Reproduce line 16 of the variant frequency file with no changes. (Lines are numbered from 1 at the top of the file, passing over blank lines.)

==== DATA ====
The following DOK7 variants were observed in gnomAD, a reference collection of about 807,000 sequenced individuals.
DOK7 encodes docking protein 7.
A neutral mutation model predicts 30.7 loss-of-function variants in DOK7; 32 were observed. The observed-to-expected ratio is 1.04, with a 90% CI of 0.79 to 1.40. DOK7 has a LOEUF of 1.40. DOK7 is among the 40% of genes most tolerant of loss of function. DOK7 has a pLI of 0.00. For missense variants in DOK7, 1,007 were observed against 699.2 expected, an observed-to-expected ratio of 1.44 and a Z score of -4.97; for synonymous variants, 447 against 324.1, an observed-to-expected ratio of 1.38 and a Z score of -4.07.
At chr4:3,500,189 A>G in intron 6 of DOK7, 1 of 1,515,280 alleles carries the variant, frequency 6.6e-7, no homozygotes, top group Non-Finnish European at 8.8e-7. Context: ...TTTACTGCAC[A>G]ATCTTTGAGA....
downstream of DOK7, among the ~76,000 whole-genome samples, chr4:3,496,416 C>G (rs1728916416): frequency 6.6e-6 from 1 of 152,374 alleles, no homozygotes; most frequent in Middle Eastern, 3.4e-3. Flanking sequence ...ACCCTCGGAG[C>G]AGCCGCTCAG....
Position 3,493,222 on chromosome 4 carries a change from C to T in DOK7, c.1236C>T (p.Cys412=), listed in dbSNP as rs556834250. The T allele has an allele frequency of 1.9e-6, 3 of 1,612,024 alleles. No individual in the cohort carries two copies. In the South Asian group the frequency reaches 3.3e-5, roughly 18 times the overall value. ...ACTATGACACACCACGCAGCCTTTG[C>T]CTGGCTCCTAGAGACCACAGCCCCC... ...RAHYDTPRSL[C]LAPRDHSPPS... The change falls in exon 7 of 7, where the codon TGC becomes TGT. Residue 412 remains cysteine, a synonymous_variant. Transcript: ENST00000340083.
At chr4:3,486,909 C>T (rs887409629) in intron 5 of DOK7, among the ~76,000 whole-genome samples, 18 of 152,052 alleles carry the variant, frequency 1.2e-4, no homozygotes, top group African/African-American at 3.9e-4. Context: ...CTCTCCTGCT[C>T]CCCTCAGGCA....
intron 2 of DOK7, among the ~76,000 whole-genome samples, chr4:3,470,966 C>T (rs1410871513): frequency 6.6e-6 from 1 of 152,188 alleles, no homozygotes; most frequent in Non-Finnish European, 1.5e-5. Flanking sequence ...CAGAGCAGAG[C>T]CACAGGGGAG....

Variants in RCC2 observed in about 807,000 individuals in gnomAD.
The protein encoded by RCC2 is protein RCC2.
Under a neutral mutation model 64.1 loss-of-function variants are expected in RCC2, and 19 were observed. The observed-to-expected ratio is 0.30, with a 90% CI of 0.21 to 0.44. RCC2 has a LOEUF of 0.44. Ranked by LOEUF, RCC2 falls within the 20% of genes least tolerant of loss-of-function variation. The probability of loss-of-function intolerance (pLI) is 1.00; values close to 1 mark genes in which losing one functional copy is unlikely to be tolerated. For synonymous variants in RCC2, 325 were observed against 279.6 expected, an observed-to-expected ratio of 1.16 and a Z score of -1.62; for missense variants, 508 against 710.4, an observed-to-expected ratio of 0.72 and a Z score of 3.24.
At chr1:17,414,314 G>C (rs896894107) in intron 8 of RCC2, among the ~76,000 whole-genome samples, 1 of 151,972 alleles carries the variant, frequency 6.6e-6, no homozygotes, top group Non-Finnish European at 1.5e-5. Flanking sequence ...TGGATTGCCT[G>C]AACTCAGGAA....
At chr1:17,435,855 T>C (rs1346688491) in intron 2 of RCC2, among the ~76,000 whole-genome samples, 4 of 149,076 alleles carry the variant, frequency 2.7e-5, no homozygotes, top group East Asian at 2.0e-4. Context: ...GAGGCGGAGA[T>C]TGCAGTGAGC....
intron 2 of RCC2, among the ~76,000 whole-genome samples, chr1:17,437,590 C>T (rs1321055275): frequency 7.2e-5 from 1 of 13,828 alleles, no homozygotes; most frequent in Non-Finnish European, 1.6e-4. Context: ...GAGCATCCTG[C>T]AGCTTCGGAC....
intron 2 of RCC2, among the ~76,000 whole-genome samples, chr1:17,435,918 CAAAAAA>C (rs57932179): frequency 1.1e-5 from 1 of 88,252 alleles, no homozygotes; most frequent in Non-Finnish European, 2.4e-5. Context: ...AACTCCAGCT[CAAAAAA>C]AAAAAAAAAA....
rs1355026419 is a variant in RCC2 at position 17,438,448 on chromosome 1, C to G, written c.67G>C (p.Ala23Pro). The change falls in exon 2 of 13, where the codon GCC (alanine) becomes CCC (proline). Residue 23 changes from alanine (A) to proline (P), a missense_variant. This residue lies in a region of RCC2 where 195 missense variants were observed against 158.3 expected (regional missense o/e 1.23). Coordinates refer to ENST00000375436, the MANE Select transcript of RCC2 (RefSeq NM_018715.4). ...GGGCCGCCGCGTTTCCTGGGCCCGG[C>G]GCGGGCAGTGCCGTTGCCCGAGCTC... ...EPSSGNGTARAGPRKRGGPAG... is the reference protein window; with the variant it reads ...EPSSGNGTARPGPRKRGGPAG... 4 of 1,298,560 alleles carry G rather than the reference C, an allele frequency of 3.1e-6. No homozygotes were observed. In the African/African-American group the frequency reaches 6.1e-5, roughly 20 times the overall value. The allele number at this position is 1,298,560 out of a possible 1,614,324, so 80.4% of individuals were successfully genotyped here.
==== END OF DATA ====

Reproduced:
rs1355026419 is a variant in RCC2 at position 17,438,448 on chromosome 1, C to G, written c.67G>C (p.Ala23Pro). The change falls in exon 2 of 13, where the codon GCC (alanine) becomes CCC (proline). Residue 23 changes from alanine (A) to proline (P), a missense_variant. This residue lies in a region of RCC2 where 195 missense variants were observed against 158.3 expected (regional missense o/e 1.23). Coordinates refer to ENST00000375436, the MANE Select transcript of RCC2 (RefSeq NM_018715.4). ...GGGCCGCCGCGTTTCCTGGGCCCGG[C>G]GCGGGCAGTGCCGTTGCCCGAGCTC... ...EPSSGNGTARAGPRKRGGPAG... is the reference protein window; with the variant it reads ...EPSSGNGTARPGPRKRGGPAG... 4 of 1,298,560 alleles carry G rather than the reference C, an allele frequency of 3.1e-6. No homozygotes were observed. In the African/African-American group the frequency reaches 6.1e-5, roughly 20 times the overall value. The allele number at this position is 1,298,560 out of a possible 1,614,324, so 80.4% of individuals were successfully genotyped here.